|Submission Date||Dec. 10, 2020|
This credit is weighted more heavily for institutions that own or manage land that includes or is adjacent to any of the following:
Institutions may identify legally protected areas, internationally recognized areas, priority sites for biodiversity, and regions of conservation importance using the Integrated Biodiversity Assessment Tool (IBAT) for Research & Conservation Planning, the U.S. Information, Planning, and Conservation (IPaC) decision support system, or an equivalent resource or study.
Director of Sustainability
Office of Sustainability
Does the institution own or manage land that includes or is adjacent to legally protected areas, internationally recognized areas, priority sites for biodiversity, and/or regions of conservation importance?:
A brief description of the legally protected areas, internationally recognized areas, priority sites for biodiversity, and/or regions of conservation importance:
Has the institution conducted an assessment or assessments to identify endangered and vulnerable species (including migratory species) with habitats on institution-owned or –managed land?:
Has the institution conducted an assessment or assessments to identify environmentally sensitive areas on institution-owned or –managed land?:
The methodologies used to identify endangered and vulnerable species and/or environmentally sensitive areas (including most recent year assessed) and any ongoing assessment and monitoring mechanisms:
Since 2004, Temple has been conducting research on bird collisions with campus building windows. Philadelphia is situated along the Atlantic Flyway migration route and bird collisions into windows are an issue. Temple conducts ongoing surveys on collision hot spots on campus.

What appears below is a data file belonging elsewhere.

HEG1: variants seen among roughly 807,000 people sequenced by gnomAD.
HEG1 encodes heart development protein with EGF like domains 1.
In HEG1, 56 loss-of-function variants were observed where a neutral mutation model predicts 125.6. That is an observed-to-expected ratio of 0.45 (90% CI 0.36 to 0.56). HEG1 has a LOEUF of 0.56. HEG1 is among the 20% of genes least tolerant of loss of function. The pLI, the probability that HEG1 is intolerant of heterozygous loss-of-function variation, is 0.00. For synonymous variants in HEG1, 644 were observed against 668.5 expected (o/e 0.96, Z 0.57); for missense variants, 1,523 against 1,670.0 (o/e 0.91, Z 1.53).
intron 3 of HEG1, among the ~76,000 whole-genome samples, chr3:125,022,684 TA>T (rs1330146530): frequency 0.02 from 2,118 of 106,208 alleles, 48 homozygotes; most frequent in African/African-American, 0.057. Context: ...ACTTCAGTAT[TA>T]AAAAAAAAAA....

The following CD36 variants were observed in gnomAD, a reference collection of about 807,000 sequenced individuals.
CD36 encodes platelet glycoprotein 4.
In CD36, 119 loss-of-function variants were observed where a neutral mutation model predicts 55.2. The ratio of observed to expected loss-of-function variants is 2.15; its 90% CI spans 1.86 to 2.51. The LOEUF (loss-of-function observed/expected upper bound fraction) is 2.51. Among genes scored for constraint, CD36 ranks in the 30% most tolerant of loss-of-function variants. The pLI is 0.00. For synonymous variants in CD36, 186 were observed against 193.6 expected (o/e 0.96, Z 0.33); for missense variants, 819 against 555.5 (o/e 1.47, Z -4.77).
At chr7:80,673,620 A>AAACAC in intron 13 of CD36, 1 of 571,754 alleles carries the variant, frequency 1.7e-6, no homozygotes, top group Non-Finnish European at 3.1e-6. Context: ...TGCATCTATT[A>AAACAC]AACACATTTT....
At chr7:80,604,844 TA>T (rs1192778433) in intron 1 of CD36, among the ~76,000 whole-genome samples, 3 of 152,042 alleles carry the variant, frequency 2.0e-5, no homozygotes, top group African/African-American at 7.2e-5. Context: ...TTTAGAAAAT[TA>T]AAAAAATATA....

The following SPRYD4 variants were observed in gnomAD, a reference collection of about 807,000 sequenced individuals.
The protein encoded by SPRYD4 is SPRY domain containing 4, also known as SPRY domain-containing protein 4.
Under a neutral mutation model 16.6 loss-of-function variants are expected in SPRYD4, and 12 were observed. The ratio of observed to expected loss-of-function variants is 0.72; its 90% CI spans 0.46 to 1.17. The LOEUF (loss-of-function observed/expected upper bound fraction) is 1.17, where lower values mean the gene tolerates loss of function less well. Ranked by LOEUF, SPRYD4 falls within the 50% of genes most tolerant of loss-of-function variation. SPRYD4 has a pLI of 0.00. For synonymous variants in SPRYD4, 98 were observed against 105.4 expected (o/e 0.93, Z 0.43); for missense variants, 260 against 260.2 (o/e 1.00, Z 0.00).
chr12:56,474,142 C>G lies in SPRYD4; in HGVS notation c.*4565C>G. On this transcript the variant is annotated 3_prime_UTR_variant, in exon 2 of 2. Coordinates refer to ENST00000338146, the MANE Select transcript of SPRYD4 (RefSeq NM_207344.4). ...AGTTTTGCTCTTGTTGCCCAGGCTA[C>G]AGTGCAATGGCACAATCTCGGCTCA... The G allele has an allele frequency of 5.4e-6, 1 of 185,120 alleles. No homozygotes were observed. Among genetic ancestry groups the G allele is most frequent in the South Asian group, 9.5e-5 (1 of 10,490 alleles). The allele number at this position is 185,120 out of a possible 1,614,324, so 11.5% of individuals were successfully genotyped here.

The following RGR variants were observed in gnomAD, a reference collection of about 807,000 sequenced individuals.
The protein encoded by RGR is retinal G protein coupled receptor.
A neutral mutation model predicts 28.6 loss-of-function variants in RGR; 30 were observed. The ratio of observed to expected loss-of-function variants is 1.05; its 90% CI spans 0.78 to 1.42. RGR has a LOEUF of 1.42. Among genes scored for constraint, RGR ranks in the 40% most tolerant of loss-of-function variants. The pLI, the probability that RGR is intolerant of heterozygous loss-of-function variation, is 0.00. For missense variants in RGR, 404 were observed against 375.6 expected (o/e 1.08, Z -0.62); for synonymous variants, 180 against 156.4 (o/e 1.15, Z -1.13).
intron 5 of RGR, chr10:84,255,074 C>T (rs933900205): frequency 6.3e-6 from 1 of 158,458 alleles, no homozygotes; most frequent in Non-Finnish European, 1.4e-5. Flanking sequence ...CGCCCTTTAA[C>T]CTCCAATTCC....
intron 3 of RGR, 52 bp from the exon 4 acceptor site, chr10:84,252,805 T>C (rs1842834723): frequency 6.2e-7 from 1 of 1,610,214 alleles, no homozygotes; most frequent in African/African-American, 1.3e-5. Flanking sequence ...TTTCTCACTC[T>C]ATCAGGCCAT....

Comprehensive assessments include:
Philadelphia Zoo Migratory Bird Initiative
During the spring of 2009, as an expansion of the zoo's work in Center City, Philadelphia, the Philadelphia Zoo and Audubon Pennsylvania organized a survey of bird collisions on the main campus of Temple University in conjunction with Temple’s Office of Sustainability, Grounds Department and interested students and faculty. Student volunteers were recruited to monitor 12 buildings that were believed to be among the most collision prone buildings on the main campus. A total of 53 birds representing 15 species were found over the course of three weeks during spring migration. As a result of these findings, a student-led pilot study targeting a campus “collision hotspot” was conducted in the fall of 2010. Data was collected before and after a film matrix was applied over a large area of glass, demonstrating both the problem and the outcome of a solution. The Audubon Pennsylvania comprehensive assessment model included collection of the following data: building, side, location, approximate distance from the building, species, count, date, time, monitors, type of specimen. http://www.philadelphiazoo.org/Save-Wildlife/Our-Projects/Migratory-Bird-Initiative.htm
Temple Grounds and student-led assessments (based on Audubon Pennsylvania assessment model developed for Temple University) have been conducted during the spring and fall bird migration periods (March 15 - June 15 and August 15 - November 30) since spring 2009.
A brief description of identified species, habitats and/or environmentally sensitive areas:
Temple's Main Campus buildings with large amounts of highly reflective or transparent glass, including buildings with vegetation situated close to the building.
A brief description of plans or programs in place to protect or positively affect identified species, habitats and/or environmentally sensitive areas: